The food delivery market is a growing area with a current value of over $150bn.
“83% of consumers say convenience while shopping is more important to them now compared with five years ago”.
This new industry still has some growing pains, with concerns over how to become profitable, as well as how to handle their workers.
Just last week, the Dutch supermarket chain, Jumbo, and the German instant grocery delivery company, Gorillas, announced a partnership within the Netherlands and Germany. This strategic partnership would mean that shoppers will be able to get Jumbo groceries delivered to their homes by Gorillas within a few minutes. This move is in line with the growing consumer demand for more shopping convenience. According to IFT, “83% of consumers say convenience while shopping is more important to them now compared with five years ago”.
According to the consulting firm Mckinsey, food delivery has become a global market with a value of over $150bn, with the Dutch company, Just Eat Takeaway having $9.67bn market capitalization. This has over time evolved into the launch in the last few years of several companies seeking to fill the market gap of instant grocery store deliveries, with companies like Flink, Gorillas and Getit emerging. Covid -19 arrived at the perfect time for these young companies, as more consumers stayed at home and opted for these fast delivery services. Since then, investors have also been taking note of these startups, and have invested 14bn dollars into these companies during the pandemic alone.
However, despite 2021 leading to a growing number of customers and more money being poured in by investors, there are still growing pains for the industry as a whole. One major problem is the fact that many of these companies are bleeding cash, which leads to the question of whether or not these companies will ever be profitable, and what changes need to be made to make that happen. According to the consulting firm Simon - Kucher, there are three main strategies which firms can take in order to reach the point of profitability:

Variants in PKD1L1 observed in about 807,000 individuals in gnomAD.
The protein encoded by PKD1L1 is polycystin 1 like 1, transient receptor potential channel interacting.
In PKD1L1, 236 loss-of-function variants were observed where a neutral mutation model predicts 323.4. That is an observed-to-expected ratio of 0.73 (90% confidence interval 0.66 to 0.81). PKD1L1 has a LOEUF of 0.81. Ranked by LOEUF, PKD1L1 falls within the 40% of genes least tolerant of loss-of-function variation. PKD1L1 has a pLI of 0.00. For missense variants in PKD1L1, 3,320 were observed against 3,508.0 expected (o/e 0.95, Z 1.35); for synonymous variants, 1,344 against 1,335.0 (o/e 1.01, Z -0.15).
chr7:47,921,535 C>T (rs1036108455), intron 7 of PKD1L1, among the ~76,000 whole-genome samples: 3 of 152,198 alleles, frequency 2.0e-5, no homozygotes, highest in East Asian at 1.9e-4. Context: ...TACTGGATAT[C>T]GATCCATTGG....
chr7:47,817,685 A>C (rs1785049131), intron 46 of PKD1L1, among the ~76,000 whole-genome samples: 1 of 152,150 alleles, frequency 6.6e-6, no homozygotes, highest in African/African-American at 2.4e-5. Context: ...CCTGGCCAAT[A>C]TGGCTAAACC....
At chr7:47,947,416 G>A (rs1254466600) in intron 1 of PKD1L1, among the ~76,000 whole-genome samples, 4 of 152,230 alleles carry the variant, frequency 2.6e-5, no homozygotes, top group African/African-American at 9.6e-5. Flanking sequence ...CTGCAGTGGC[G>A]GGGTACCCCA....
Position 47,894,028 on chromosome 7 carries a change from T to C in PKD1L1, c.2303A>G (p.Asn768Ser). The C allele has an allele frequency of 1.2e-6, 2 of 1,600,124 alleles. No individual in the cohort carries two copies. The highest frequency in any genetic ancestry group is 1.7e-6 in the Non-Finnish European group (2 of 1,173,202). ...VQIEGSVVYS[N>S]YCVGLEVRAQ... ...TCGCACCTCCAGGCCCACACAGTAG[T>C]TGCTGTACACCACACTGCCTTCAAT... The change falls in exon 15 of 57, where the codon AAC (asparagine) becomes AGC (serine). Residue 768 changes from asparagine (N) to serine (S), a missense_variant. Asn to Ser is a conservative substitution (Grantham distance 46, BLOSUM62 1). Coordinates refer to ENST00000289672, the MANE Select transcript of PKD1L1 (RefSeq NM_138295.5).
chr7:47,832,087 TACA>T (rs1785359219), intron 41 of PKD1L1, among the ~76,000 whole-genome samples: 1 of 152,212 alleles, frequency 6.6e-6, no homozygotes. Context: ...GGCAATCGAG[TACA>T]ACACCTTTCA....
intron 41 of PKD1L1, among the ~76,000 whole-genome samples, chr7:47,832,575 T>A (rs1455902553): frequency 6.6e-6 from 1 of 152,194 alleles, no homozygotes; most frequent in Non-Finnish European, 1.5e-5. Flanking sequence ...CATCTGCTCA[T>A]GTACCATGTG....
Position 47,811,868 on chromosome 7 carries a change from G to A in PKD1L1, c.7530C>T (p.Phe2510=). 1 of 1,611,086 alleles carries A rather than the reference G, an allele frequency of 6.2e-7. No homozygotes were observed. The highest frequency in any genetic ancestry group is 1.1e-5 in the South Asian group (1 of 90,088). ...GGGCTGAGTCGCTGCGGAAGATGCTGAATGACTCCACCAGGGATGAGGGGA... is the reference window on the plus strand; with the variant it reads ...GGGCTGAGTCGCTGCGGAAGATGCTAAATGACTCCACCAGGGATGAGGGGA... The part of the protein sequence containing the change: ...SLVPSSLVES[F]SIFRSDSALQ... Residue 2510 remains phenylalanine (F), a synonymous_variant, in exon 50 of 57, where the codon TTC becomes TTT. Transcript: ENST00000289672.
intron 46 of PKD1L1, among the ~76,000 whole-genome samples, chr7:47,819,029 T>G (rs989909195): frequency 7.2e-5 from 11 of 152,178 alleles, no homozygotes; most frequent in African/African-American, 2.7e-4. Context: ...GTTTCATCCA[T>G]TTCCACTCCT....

Raising the minimum delivery amount
Higher fixed delivery costs
Higher product prices
Another factor which may eventually lead to the profitability of certain firms is the exit of some companies from the market, as well as market consolidation. In 2021, there were already discussions of the possibility of a merger between Gorillas and Flink, which could lead to the formation of a $5bn company. Although the talks between these two specific companies fell through, there is still room for consolidation between other players in the market to increase their market share and boost profitability prospects. One other problem facing the firms is how to handle their employees. Just last year, Gorillas workers in Berlin were on strike over working conditions and pay, and this is an issue which will continue to be problematic for the gig economy as a whole.
Overall, we can see that the growing taste for convenience which consumers have is not going to falter anytime soon. With more and more investors hopping on to this new growing industry, we are left to see how these companies will continue to meet customers’ insatiable demand and expectations, and what new products may come out of it.